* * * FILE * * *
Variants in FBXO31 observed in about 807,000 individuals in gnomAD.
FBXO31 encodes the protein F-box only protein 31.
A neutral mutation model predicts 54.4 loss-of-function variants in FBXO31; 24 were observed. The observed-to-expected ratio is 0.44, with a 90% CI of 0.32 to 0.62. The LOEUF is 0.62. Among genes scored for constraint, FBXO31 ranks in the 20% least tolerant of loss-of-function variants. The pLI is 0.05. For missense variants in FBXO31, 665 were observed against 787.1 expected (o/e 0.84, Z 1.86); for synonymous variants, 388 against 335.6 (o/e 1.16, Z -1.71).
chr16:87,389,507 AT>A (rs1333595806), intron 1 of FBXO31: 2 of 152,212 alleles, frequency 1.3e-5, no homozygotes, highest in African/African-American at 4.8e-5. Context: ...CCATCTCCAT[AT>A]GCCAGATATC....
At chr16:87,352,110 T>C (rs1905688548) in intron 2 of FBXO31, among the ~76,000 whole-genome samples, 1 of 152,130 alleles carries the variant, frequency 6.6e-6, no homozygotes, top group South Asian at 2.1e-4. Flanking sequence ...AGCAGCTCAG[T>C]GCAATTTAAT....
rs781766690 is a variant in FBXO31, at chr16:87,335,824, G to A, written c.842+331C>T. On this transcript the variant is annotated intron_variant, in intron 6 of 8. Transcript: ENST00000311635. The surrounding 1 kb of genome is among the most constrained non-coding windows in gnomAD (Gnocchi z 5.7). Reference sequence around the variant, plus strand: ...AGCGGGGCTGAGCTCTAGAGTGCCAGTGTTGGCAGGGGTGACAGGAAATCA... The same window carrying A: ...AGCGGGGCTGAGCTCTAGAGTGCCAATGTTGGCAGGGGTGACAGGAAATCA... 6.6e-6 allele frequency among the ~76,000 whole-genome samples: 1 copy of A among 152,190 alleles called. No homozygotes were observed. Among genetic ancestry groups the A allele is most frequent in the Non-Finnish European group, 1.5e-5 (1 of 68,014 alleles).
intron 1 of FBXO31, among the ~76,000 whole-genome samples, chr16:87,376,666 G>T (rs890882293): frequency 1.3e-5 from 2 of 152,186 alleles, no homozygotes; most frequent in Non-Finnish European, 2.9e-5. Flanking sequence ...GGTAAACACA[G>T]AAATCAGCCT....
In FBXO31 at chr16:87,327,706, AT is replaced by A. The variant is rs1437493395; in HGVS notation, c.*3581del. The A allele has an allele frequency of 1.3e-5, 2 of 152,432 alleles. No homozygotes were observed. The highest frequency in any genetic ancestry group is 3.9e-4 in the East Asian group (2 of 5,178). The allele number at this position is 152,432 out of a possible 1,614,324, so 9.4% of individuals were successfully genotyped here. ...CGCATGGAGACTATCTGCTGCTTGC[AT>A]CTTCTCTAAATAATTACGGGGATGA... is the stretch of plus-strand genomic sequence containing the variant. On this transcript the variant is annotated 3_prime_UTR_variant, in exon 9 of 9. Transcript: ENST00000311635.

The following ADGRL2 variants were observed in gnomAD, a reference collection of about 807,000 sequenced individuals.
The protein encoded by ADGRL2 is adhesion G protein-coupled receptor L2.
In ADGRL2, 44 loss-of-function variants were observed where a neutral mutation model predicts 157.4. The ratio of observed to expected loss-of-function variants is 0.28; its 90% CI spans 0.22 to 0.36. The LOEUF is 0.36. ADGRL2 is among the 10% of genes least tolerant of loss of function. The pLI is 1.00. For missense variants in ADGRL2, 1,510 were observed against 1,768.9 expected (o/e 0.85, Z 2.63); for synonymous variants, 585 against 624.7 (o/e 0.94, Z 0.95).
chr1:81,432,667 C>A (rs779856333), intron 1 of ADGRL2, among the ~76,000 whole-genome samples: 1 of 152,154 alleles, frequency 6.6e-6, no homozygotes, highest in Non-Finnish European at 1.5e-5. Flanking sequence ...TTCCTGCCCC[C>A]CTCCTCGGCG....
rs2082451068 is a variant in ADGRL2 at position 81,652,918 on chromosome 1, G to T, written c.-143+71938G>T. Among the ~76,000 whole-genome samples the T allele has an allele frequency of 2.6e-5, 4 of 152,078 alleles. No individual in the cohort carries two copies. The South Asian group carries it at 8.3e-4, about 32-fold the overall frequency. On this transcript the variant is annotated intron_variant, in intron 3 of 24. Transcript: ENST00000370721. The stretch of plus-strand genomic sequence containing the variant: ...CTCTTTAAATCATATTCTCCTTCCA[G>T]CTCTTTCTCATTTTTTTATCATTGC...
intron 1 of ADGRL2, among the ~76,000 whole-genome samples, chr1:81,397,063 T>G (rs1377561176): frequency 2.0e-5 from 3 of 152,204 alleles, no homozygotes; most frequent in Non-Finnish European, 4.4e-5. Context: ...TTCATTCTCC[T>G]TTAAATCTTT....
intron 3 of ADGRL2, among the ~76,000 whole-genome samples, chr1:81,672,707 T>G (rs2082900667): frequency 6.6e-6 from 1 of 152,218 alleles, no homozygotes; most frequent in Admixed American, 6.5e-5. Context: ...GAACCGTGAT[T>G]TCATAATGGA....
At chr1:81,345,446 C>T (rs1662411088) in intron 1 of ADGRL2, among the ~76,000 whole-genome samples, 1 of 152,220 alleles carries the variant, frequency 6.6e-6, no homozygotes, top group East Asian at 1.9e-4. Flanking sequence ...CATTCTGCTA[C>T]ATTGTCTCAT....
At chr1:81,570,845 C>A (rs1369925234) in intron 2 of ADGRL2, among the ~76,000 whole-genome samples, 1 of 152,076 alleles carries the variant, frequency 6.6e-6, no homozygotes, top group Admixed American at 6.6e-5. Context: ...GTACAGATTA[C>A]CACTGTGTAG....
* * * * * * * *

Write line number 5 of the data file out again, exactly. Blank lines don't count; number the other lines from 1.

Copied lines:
At chr16:87,352,110 T>C (rs1905688548) in intron 2 of FBXO31, among the ~76,000 whole-genome samples, 1 of 152,130 alleles carries the variant, frequency 6.6e-6, no homozygotes, top group South Asian at 2.1e-4. Flanking sequence ...AGCAGCTCAG[T>C]GCAATTTAAT....